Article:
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Trump advisers say campaign schedule will be 'aggressive'

Vice President Mike Pence is expected to hit

Vice President Mike Pence is expected to hit the campaign trail while the president is hospitalized.  Credit: AP/Charlie Neibergall

WASHINGTON — President Donald Trump’s top campaign advisers vowed Sunday to move forward with an "aggressive" campaign schedule despite the president’s current hospitalization and amid concerns that additional staff members and supporters at his recent events could test positive for COVID-19 in the coming days.

"He’s anxious to get back out there on the campaign trail," Trump campaign adviser Jason Miller told ABC’s "This Week."

Trump on Sunday remained at Walter Reed National Military Medical Center in Bethesda, Maryland, where the president’s medical team and White House officials initially offered conflicting accounts of his conditions on Saturday, with doctors indicating the president was doing "very well," while White House chief of staff Mark Meadows told reporters the president’s vitals 24-hours earlier "were very concerning."

On Sunday, the president's medical team said Trump could be released as "early as" Monday, while also noting Trump's oxygen saturation levels had twice dropped since his initial diagnosis.

With 30 days left until Election Day, Miller, making the rounds of the Sunday political talk show circuit, said the Trump campaign would continue with an "aggressive" campaign schedule, relying on surrogates, including Vice President Mike Pence and the president’s children.

Miller said he has no concerns about Pence hitting the campaign trail, when asked on NBC’s "Meet the Press" whether it was prudent for Trump’s second in command to be traveling while the president remains hospitalized.

"We're in a campaign. We have a month to go," Miller said, adding that Pence will be "hitting the trail in Arizona, will probably be in Nevada, he'll be back here in D.C., and he's going to have a very full aggressive schedule as well as the first family."

Miller continued to take aim at Biden’s public use of face masks as recommended by the Centers for Disease Control, accusing Biden on ABC’s "This Week" of using the protective coverings as "a prop."

Biden deputy campaign manager Kate Bedingfield said, "That tells you a lot of what you need to know about how the Trump campaign has treated this from the outset," in response to Miller’s remarks.

"Joe Biden believes that the words of a president matter, that the actions of a president matter," Bedingfield said. "From the outset, he has taken this seriously, he has encouraged Americans to wear a mask, to protect each other."

Bedingfield said the campaign was confident that the vice presidential debate between Pence and Sen. Kamala Harris (D-Calif.) could go on as planned on Wednesday, and Biden was prepared to debate Trump on Oct. 15 should the president no longer be quarantined.

"We are hoping for a speedy and full recovery, as is everybody in this country," Bedingfield said.

On CNN's "State of the Union," Biden campaign senior adviser Symone Sanders said the former vice president is tested "regularly" for coronavirus.

Sanders said that Biden was not exposed to Trump at last Tuesday's debate in Cleveland.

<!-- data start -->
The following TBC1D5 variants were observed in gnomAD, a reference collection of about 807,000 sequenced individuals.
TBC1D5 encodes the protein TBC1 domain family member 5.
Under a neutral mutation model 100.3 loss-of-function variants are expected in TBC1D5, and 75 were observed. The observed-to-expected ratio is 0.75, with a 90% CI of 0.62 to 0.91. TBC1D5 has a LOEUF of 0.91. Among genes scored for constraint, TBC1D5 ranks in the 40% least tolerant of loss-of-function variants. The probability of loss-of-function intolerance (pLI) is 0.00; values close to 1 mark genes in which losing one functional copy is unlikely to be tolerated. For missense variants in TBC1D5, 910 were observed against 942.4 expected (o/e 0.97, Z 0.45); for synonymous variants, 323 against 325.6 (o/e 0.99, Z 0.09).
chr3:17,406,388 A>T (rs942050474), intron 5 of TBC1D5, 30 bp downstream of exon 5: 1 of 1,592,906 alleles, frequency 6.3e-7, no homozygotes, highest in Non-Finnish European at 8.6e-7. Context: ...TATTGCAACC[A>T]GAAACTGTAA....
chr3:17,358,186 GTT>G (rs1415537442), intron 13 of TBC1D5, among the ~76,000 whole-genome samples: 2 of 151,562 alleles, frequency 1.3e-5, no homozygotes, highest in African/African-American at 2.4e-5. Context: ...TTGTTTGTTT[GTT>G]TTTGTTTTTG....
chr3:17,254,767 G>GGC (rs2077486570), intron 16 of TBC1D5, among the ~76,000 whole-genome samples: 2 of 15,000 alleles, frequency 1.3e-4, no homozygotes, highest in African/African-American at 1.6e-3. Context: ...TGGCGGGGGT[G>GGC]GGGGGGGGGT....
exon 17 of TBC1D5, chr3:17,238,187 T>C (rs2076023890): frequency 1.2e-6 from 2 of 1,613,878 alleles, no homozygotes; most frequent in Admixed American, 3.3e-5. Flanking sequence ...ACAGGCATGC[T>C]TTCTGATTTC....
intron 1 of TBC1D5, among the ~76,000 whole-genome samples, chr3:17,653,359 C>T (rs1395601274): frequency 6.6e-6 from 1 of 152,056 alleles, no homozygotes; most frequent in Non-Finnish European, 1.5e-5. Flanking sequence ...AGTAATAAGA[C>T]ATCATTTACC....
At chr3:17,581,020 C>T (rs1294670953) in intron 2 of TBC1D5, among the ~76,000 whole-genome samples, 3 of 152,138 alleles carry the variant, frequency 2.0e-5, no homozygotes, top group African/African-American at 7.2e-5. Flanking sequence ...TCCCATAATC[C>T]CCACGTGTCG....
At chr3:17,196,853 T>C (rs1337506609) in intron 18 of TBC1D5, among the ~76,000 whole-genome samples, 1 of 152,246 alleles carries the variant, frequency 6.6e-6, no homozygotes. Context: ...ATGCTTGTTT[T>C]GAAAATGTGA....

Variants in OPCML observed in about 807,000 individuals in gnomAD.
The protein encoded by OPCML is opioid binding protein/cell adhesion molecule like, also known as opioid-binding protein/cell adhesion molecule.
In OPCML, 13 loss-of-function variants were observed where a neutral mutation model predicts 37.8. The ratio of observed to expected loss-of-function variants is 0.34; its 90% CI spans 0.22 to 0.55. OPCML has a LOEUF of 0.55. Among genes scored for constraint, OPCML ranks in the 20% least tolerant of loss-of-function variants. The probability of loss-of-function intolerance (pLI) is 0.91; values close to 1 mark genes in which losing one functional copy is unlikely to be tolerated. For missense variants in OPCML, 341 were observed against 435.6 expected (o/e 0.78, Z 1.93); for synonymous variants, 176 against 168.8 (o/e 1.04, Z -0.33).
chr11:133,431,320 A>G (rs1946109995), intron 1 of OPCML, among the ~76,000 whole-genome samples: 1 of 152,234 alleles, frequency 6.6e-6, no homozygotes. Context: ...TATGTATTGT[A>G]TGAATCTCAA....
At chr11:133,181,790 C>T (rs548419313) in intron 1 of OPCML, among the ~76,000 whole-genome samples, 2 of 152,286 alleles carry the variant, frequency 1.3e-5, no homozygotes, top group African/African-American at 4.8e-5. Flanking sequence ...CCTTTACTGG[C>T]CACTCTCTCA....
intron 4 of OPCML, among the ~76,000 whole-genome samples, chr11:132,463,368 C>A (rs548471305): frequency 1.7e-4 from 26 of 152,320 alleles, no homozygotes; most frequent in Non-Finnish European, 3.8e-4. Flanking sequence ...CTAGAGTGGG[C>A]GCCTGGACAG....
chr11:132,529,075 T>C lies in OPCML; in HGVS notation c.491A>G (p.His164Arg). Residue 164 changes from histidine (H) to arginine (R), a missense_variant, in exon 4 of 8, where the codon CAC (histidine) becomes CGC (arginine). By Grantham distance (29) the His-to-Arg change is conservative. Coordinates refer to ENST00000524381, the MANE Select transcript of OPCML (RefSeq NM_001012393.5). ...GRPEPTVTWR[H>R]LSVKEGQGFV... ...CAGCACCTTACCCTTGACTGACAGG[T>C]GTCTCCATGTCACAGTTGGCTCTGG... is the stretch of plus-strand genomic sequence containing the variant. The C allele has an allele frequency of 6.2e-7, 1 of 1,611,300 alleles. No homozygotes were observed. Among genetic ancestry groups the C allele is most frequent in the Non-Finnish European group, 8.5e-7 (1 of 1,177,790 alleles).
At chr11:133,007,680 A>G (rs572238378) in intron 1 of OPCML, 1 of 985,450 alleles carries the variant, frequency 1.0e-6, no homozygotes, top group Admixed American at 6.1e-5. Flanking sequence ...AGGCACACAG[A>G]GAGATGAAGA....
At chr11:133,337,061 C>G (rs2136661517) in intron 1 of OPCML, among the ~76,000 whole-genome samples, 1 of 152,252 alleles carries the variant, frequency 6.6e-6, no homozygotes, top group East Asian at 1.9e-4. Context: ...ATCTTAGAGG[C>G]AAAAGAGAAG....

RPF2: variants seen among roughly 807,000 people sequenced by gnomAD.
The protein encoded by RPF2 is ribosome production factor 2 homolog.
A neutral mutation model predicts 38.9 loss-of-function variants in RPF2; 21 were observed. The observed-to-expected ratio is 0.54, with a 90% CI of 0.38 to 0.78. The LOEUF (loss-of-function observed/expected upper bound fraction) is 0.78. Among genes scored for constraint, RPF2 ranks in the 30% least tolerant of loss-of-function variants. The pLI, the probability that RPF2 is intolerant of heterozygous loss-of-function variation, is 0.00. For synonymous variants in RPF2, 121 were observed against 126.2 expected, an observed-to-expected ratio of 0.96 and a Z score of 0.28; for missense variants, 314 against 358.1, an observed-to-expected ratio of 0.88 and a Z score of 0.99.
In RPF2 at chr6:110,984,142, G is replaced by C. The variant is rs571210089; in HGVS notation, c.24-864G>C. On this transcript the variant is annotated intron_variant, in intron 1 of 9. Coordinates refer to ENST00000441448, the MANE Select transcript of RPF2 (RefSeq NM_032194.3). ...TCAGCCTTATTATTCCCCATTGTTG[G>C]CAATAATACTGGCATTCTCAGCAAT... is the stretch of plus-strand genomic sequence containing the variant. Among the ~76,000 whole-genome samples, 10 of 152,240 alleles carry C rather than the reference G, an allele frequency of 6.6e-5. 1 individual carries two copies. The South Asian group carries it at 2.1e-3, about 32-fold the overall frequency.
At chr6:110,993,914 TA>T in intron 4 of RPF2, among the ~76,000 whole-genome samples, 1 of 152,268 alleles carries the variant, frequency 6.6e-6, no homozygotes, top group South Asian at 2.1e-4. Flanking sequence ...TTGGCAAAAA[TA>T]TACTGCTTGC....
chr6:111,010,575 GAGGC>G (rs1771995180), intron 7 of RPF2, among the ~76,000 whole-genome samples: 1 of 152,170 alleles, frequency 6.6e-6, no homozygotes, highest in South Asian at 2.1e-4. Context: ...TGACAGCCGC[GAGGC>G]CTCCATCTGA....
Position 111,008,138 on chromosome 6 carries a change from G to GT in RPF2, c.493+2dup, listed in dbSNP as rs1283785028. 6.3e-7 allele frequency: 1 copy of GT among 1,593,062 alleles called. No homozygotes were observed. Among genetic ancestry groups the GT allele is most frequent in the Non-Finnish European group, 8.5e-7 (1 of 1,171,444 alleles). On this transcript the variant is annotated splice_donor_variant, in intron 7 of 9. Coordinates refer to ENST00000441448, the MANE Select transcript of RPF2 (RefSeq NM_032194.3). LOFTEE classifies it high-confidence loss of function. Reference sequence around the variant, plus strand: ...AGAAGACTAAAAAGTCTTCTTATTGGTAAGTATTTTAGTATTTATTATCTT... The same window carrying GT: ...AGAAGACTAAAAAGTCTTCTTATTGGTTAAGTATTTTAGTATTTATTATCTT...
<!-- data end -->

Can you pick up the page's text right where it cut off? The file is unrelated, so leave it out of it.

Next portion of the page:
"We have been adhering to public health guidance from the beginning of this onset of this pandemic," Sanders said. "Vice President Biden has tested negative. Our traveling staff has tested negative."

Nearly two dozen White House aides and Republican officials who have been in close proximity to Trump over the past two weeks have tested positive for COVID-19, including first lady Melania Trump, senior White House adviser Hope Hicks, campaign manager Bill Stepien, former New Jersey Gov. Chris Christie, former adviser Kellyanne Conway, the president’s personal attendant Nick Luna, Republican National Committee chairwoman Ronna McDaniel, and Sens. Mike Lee of Utah and Tom Tillis of North Carolina.

Trump campaign senior adviser Steve Cortes said on "Fox News Sunday" that Trump's infection was bound to happen.

"He was unwilling to completely sequester himself to take no risk because leaders take risks and he is the servant of the people," Cortes said.

Trump's top public health officials have repeatedly said the risk of contracting the disease can be reduced by wearing masks in public and via social distancing. The president's Rose Garden ceremony to announce his Supreme Court nominee Amy Coney Barrett has come under scrutiny after several attendees have tested positive. The majority of guests did not wear masks and were seated close together.

Sen. Chuck Schumer (D-N.Y.), reiterated his calls for Senate Republicans to postpone Barrett's confirmation hearing, noting that two Republicans on the Judiciary Committee — Lee and Tillis — have tested positive.

"We should be delaying these hearings so we can have a full and fair hearing, not something over Zoom," Schumer, the Senate minority leader, said at a news conference in Manhattan.

Schumer said a virtual hearing, as has been suggested by Senate Republicans eager to confirm Barrett before the Nov. 3 election, does not make sense because the process demands give and take with the nominee.

Schumer also demanded transparency when it comes to Trump's health, saying the president's "cavalier attitude" toward masks, social distancing and other coronavirus restrictions has "endangered many people, including himself."

With Scott Eidler and Michael O'Keeffe

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